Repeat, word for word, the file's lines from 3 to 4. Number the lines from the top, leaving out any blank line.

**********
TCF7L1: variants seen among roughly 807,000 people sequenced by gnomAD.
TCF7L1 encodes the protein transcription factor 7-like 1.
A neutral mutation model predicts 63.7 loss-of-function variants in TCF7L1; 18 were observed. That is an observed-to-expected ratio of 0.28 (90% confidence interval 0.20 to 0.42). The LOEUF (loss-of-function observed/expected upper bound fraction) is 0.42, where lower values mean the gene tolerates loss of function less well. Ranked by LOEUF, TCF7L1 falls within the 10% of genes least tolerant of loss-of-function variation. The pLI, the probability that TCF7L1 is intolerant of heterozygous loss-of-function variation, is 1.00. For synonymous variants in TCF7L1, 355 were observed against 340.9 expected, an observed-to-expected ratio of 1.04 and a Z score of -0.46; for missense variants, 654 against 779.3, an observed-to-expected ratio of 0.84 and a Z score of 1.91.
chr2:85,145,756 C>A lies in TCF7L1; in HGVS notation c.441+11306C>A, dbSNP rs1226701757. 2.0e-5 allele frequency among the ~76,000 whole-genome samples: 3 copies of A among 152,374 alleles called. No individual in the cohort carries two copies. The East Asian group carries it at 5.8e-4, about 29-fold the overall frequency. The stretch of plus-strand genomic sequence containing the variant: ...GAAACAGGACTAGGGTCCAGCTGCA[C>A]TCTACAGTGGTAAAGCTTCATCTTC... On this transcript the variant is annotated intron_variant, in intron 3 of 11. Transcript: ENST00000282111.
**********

A neutral mutation model predicts 63.7 loss-of-function variants in TCF7L1; 18 were observed. That is an observed-to-expected ratio of 0.28 (90% confidence interval 0.20 to 0.42). The LOEUF (loss-of-function observed/expected upper bound fraction) is 0.42, where lower values mean the gene tolerates loss of function less well. Ranked by LOEUF, TCF7L1 falls within the 10% of genes least tolerant of loss-of-function variation. The pLI, the probability that TCF7L1 is intolerant of heterozygous loss-of-function variation, is 1.00. For synonymous variants in TCF7L1, 355 were observed against 340.9 expected, an observed-to-expected ratio of 1.04 and a Z score of -0.46; for missense variants, 654 against 779.3, an observed-to-expected ratio of 0.84 and a Z score of 1.91.
chr2:85,145,756 C>A lies in TCF7L1; in HGVS notation c.441+11306C>A, dbSNP rs1226701757. 2.0e-5 allele frequency among the ~76,000 whole-genome samples: 3 copies of A among 152,374 alleles called. No individual in the cohort carries two copies. The East Asian group carries it at 5.8e-4, about 29-fold the overall frequency. The stretch of plus-strand genomic sequence containing the variant: ...GAAACAGGACTAGGGTCCAGCTGCA[C>A]TCTACAGTGGTAAAGCTTCATCTTC... On this transcript the variant is annotated intron_variant, in intron 3 of 11. Transcript: ENST00000282111.